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We have been sharing the Jugaad model at different professional contexts: schools, palliative care centres, service providers in conflict zones.
They have been exploring how to unpack young people’s know-hows about managing difficult experiences. And in this journey, Raviraj and Ananya were able to co-create another ‘Jugaad’ with mothers of children with disabilities of ways in which they take care of themselves.
The young authors of Jugaad have taken the conversation forward in their schools and colleges, hoping to influence a culture of viewing young people as holding expertise in managing their mental health.
We also have been working on Hindi translations of Jugaad. It will be out soon, and we would love to see Jugaad being translated into multiple languages.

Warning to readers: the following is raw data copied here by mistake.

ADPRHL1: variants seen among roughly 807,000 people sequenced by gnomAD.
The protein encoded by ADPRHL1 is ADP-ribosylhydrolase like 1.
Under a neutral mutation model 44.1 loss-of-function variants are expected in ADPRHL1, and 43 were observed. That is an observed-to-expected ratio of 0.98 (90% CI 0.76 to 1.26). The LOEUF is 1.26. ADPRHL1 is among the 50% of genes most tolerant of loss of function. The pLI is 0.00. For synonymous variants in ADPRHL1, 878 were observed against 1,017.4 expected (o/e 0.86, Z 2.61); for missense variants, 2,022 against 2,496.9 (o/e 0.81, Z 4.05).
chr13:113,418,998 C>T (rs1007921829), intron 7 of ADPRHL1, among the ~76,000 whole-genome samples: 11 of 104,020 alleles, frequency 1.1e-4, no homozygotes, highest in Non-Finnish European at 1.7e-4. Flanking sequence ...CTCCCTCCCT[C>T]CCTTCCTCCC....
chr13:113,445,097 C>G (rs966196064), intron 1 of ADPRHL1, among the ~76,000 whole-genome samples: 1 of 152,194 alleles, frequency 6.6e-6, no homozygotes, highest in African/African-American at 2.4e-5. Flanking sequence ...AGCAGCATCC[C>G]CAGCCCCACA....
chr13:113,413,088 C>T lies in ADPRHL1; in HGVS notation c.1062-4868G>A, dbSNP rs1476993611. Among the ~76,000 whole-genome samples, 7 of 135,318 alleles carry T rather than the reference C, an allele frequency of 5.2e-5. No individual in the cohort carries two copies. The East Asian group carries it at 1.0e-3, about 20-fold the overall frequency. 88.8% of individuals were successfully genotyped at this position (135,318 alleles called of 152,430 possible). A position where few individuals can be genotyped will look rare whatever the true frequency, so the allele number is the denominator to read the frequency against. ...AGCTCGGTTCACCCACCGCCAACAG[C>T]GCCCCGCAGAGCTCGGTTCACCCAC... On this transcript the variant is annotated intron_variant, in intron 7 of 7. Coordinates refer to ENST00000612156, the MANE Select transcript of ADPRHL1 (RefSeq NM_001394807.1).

Are there any works of art that inspire or resonate with you, as you approach your work?
My work is highly influenced by narrative practices, Indian and South-Asian feminist movement and poetry. Narrative practices, founded by Michael White and David Epston, are rooted in the socio-political realm that influences people’s identities and the stories that are dominantly told about people and communities. My community of narrative practitioners hold the belief that people are not the problem. They work to make alternative identities visible, while challenging unequal structures that render some identities ‘problematic.’
In the past few months, I have been able to explore womxn writers and poets from South Asian contexts who have been largely absent from colonial, mainstream feminist movements.
The understandings and writings of Mia Mingus, Yumi, Vicki Reynolds, Leah Lakshmi Piepzna-Samarasinha and Saima Ammar are learnings I take into my workspace.